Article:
Out of adversity comes heightened creativity and this year’s graduating class in Selkirk College’s Fine Woodworking program are proof of remarkable outcomes in the midst of challenging times.
In the sawdust strewn shop at Nelson’s Silver King campus, the 19 learners in this year’s cohort are putting final touches on nine months of garnering knowledge, developing skills and determining outcomes. The results will be on full display in a pandemic-altered Fine Woodworking Year End Digital Show that opens online May 27.
“It has truly been a spectacular year,” says Fine Woodworking program instructor David Ringheim. “Going into this year with all the uncertainty of COVID-19 and how that would affect the students was a major concern. But to be honest, we have been able to make changes where needed and pull off a successful nine months with no disruptions. A large part of this is due to the calibre of students that chose to join us this year. Those choosing to enter into a post-secondary learning environment in a pandemic year shows how dedicated they are to learning the craft of woodworking.”
One of Selkirk College’s most celebrated programs, students have hosted the year-end show at a variety of locations in Nelson over the last 29 years. The spring highlight event showcases exacting toil and beautiful results in an array of desks, chairs, tables, shelves, bowls, spoons, boxes and cabinets.
For the second straight year, a global health crisis has quashed the ability for students to gather the public in-person. With public presentation a key part of the career-focused training that enables students to earn a living from their trade, Ringheim and instructional assistant Scott Stevens — both alumni of the program — have helped students move the show online. With a launch set for May 27, a special website will feature photos of final projects, student bios, videos and program information for those who appreciate the elegance of wood to savor.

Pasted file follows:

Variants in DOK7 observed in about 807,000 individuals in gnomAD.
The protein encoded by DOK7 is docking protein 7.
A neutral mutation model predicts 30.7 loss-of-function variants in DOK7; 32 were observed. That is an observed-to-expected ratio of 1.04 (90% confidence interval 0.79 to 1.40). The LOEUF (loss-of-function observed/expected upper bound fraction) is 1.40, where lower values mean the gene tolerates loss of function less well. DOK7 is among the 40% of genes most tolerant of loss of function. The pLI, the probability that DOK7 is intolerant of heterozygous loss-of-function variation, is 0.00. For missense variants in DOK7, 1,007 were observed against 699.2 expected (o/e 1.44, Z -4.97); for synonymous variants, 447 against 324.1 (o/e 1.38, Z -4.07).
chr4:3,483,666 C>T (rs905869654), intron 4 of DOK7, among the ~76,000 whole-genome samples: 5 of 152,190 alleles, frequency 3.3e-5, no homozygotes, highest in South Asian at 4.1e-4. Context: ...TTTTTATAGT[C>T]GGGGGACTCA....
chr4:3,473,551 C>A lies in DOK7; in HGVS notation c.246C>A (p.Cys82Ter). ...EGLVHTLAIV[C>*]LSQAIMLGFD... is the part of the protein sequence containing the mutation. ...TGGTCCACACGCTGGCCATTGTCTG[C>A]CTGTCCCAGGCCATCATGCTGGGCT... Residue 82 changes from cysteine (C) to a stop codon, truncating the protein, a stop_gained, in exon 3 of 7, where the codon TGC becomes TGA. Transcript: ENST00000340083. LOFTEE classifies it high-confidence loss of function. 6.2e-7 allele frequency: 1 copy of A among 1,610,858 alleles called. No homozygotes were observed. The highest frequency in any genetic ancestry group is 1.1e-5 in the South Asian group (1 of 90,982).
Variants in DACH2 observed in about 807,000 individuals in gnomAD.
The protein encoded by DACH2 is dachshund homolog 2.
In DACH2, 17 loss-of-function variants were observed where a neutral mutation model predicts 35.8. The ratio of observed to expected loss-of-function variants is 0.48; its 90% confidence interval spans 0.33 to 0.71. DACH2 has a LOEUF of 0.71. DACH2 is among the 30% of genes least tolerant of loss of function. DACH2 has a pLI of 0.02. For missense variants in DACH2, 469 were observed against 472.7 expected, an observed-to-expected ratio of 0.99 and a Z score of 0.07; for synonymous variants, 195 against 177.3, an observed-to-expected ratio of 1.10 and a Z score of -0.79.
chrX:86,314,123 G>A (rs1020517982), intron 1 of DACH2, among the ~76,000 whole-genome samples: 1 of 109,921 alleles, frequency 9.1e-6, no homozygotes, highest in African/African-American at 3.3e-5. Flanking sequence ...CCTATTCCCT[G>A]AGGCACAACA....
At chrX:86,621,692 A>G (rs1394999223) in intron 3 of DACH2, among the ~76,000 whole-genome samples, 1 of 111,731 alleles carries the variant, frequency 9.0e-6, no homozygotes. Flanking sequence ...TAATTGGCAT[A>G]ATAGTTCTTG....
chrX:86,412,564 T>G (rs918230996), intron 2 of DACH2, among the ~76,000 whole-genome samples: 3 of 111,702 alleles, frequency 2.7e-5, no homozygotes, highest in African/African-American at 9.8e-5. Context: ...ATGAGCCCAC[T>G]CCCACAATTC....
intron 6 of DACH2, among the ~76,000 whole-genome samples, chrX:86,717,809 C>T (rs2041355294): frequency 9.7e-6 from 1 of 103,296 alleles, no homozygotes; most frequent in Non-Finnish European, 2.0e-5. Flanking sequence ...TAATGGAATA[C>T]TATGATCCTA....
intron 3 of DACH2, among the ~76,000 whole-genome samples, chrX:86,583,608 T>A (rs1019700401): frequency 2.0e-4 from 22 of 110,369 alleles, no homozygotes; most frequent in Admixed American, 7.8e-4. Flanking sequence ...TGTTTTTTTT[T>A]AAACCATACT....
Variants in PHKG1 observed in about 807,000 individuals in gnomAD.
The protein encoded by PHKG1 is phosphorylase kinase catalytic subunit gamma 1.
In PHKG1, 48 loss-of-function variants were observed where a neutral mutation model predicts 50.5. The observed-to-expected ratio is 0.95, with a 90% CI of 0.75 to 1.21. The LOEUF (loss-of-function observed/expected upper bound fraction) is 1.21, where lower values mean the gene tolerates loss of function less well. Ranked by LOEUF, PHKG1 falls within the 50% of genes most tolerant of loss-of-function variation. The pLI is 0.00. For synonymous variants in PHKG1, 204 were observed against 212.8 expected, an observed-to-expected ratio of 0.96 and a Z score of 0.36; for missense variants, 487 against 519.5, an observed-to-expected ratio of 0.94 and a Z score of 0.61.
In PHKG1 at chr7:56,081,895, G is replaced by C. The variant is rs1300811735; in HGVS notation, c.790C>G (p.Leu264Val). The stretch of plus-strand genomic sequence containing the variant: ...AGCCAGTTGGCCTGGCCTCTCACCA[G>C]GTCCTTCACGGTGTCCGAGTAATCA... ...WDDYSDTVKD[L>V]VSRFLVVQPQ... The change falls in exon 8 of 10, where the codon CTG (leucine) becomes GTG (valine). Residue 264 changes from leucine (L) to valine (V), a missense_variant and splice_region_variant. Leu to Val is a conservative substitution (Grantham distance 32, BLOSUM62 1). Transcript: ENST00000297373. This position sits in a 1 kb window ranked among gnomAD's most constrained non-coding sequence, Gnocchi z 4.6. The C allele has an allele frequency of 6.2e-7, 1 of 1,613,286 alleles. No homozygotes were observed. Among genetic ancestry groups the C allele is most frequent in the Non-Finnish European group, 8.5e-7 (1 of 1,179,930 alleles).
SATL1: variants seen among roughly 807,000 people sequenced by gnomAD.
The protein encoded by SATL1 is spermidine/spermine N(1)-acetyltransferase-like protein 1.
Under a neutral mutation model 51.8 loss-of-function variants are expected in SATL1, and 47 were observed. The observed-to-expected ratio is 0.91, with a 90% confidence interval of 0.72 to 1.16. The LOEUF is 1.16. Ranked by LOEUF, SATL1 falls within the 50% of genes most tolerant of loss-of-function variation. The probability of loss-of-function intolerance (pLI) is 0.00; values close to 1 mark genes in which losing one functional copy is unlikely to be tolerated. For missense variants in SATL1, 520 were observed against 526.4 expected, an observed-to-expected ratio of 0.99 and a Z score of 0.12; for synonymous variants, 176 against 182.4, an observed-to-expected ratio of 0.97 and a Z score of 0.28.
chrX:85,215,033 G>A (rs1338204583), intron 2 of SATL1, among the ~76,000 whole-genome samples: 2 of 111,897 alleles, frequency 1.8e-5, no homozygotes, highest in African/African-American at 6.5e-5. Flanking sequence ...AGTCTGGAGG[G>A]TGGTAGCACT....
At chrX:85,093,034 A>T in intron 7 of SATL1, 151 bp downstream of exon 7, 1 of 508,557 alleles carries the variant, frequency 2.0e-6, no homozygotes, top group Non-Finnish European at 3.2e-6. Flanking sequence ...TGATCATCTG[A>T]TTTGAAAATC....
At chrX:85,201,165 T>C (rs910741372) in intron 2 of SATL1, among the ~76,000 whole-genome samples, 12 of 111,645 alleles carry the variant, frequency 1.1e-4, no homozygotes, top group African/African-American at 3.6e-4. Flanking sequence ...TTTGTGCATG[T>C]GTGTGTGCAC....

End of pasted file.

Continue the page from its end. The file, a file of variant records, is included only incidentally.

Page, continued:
“We’ve been finding space to explore new avenues for students to showcase their work and having a dedicated website is the next best thing to display the hard work students have been doing throughout the year,” says Ringheim. “It will never replace the in-person show, but it’s a great way for our students to reach a wider audience, and for their friends and family to participate from the comfort of their own homes.”
The website will go live on May 27 and can be found at https://selkirk.ca/finewoodworking-exhibition.
You can learn more about the Selkirk College Fine Woodworking Program at: https://selkirk.ca/program/fine-woodworking.